-‘Welcome to tonight’s ‘Who Wants To Look Like A Complete Idiot’, oozed Chris Tarrant. ‘In the hot seat tonight we’ve got Donald Carter from Doncaster, who last night – as you may remember – was stuck on 300 pounds with only one lifeline left. In the audience with him is his wife Shirley. Wave at the camera like a speed freak on acid Shirley. Lovely. And watching at home are their two children, Chloe aged nine and Thomas aged six, who are probably watching The Texas Chainsaw Massacre on DVD while the babysitter and her spotty, Burberry-wearing boyfriend give each other Thrush on the sofa. Are you ready to look like a complete idiot, Donald?’

-‘Yes Chris,’ bleated Donald, sweating profusely under the blazing studio lights, hot in his zig-zag patterned Marks and Spencer’s pullover.

-‘Right. Question for 500 pounds. ‘Under what name do we usually associate John, Paul, George and Ringo? Is it A – The Tolpuddle Martyrs. B – The Jackson Five. C – Manchester United. or D – The Beatles?

Millie and I both shouted at the television.

-‘Can I ask the audience Chris?’ said Donald.

Millie threw her fork at the set. We were both so frustrated. Was this all that life could offer us? A cheap takeaway meal watching crap telly in a grotty first floor flat on a cold and damp Tuesday in February and no record producer any more. I finished my food and gulped down my wine in one go.

-‘Right,’ I said, slamming down the glass on the coffee table, sending the pile of empty food cartoon sliding onto the floor. ‘I think we’d better call this Splash fella.

-‘Got the details?’ Millie asked, picking at a dubious looking piece of egg fried rice.

-‘Somewhere in my pocket,’ I said, fumbling in my semi-sodden jeans. ‘It’s a bit soggy.’

-‘Still see the number?’

-‘Yeah. Just about.’

 You got my number … why don’t you use it

I unravelled the piece of paper and peered at the ink-soaked page. Holding the phone under my chin I cautiously dialled the number. I heard it ring, two, three, four times. Then a click and a voice answered, in a thick, south-London accent.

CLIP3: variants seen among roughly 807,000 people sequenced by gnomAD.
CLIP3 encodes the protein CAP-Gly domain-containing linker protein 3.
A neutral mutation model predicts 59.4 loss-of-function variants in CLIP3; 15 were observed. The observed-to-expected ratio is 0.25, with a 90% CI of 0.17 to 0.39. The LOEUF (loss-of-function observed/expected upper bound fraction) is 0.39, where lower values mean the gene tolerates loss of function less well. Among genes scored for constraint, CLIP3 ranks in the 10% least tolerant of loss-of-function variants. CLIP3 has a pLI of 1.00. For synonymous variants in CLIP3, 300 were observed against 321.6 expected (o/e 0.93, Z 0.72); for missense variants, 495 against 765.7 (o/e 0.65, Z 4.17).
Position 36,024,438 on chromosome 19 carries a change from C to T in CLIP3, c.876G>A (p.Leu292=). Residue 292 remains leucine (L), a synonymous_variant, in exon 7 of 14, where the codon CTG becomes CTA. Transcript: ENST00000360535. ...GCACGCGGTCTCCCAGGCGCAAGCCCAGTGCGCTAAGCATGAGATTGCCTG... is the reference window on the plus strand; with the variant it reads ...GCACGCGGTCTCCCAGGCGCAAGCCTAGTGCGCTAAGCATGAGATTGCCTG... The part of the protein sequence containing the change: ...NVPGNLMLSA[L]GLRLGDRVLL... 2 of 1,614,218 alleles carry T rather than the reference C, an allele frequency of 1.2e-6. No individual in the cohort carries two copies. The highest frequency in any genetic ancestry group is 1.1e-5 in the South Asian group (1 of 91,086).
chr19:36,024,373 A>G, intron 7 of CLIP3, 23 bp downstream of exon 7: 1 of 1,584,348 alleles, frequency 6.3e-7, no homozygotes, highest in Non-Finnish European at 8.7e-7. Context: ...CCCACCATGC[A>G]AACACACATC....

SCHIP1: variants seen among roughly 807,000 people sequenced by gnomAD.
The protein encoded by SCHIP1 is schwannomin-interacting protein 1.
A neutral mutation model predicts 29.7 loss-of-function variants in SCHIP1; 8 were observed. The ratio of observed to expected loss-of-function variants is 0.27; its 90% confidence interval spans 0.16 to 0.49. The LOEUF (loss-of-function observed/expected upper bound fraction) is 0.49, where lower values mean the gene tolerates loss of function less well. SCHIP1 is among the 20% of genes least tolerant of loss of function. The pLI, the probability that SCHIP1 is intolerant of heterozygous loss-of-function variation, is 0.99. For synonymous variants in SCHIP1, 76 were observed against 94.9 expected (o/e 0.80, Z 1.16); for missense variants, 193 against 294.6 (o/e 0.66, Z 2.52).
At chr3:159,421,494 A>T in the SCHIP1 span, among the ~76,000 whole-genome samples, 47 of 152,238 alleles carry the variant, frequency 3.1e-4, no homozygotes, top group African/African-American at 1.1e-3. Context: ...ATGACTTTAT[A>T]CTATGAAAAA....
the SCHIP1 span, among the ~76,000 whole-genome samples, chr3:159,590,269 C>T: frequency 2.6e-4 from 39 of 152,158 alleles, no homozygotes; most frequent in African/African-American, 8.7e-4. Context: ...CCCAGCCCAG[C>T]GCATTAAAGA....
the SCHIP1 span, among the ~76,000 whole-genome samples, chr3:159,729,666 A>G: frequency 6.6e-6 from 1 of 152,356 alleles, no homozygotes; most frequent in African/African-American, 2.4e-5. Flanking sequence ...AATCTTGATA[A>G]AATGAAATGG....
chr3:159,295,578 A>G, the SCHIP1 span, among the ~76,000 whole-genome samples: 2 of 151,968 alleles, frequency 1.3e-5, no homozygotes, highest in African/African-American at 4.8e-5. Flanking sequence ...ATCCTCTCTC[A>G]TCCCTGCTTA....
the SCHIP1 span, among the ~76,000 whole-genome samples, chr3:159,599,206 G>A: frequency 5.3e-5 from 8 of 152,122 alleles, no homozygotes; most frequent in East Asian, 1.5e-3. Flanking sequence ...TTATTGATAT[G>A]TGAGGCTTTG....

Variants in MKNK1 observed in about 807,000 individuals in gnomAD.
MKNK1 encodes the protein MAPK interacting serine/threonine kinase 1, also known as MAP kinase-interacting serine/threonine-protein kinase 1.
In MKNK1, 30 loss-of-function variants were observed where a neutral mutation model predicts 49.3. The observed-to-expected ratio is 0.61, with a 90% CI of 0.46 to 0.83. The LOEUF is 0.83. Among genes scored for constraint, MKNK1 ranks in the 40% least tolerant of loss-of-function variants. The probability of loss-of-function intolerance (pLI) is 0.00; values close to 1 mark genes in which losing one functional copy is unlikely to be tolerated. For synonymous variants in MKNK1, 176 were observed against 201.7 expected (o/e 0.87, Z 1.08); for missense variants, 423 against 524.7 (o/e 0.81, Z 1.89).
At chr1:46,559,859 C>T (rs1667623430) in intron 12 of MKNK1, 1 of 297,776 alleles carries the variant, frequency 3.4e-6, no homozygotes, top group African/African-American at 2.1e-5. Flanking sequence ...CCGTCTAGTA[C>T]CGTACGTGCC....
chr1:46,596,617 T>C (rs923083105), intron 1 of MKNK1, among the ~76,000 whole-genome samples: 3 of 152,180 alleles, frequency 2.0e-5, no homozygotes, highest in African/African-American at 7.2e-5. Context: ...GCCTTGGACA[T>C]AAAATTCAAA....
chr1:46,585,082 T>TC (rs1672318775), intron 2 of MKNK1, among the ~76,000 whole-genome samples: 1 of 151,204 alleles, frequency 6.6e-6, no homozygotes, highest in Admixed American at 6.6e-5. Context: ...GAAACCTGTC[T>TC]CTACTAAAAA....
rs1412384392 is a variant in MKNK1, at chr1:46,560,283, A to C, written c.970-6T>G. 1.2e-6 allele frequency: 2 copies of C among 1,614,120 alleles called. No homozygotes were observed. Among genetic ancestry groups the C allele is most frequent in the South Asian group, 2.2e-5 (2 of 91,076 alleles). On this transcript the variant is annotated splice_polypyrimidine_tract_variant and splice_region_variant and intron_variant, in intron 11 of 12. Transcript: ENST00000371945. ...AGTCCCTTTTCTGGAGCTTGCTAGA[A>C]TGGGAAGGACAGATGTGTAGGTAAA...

-‘Yeah?’

-‘Oh hi. Is that … er … Mr Splash?’

-‘Yeah’.

-‘Right. Good. This is Jon Dempsey. I got your number off Michael Wardle. He says you can help us out.’

-‘Who?’

-‘Michael Ward….er, Withnail.’

-‘Oh him.’

-‘Yeah. Well?’

-‘Well, what?’

-‘Can you help us out?’

-‘Depends’.

Blimey, I thought, this bloke doesn’t say much. I took a deep breath and explained our situation.

-‘It’s like this. We’ve got this record producer. He told us he really liked our stuff and wanted to work with us.’

-‘Yeah?’

-‘So we say ‘okay’ and he gives us this spiel about putting us in The Mission House to do some tracks.’

-‘Mission House! Nice.’

-‘I know.’

-‘So?’

-‘So that was six months ago.’

-‘Really?’

-‘Yes. Really.

-‘And?’

-‘And he calls us every couple of weeks saying he’s got to work with Jake Beckford and then …’

-‘Who?’

-‘Jake Beckford.’

-‘No, never ‘eard of ‘im.’

-‘You know. Boyband. Joyride. The ‘cute’ one. Sang ‘Girl I’m Missing You’ and that awful song that was number one for ages, the one on the Colin Firth movie, ‘If Only I Had A Dream’.

-‘Oh yeah. Shocking production. Sounds like the drums were programmed by a bloke with no ears.’

I’d never heard that phrase before and was stunned into silence.

-‘You still there?’ asked Splash.

-‘Oh, sorry. Anyway, what with one thing and another, this Beckford messing everyone about, our producer has now decided to work with Mickey Dunn’s sister.’

I heard Splash coughing.

-‘What, that pramface!’ he spluttered.

-‘You know her?’

-‘Know her! Worked with the silly cow a couple of years ago. Can’t sing a note. Nice arse though.’

-‘What happened?’

-‘I had to be honest. Mickey Dunn had offered up a load of wonga. I needed the bread. Usually I don’t care. I’ll take the cash and nod and smile and say ‘that’s great’. But his sister took the biscuit. After three days of the worst singing I’d heard since the last Atomic Kitten record my ears couldn’t take any more and I gave Mickey his dosh back.’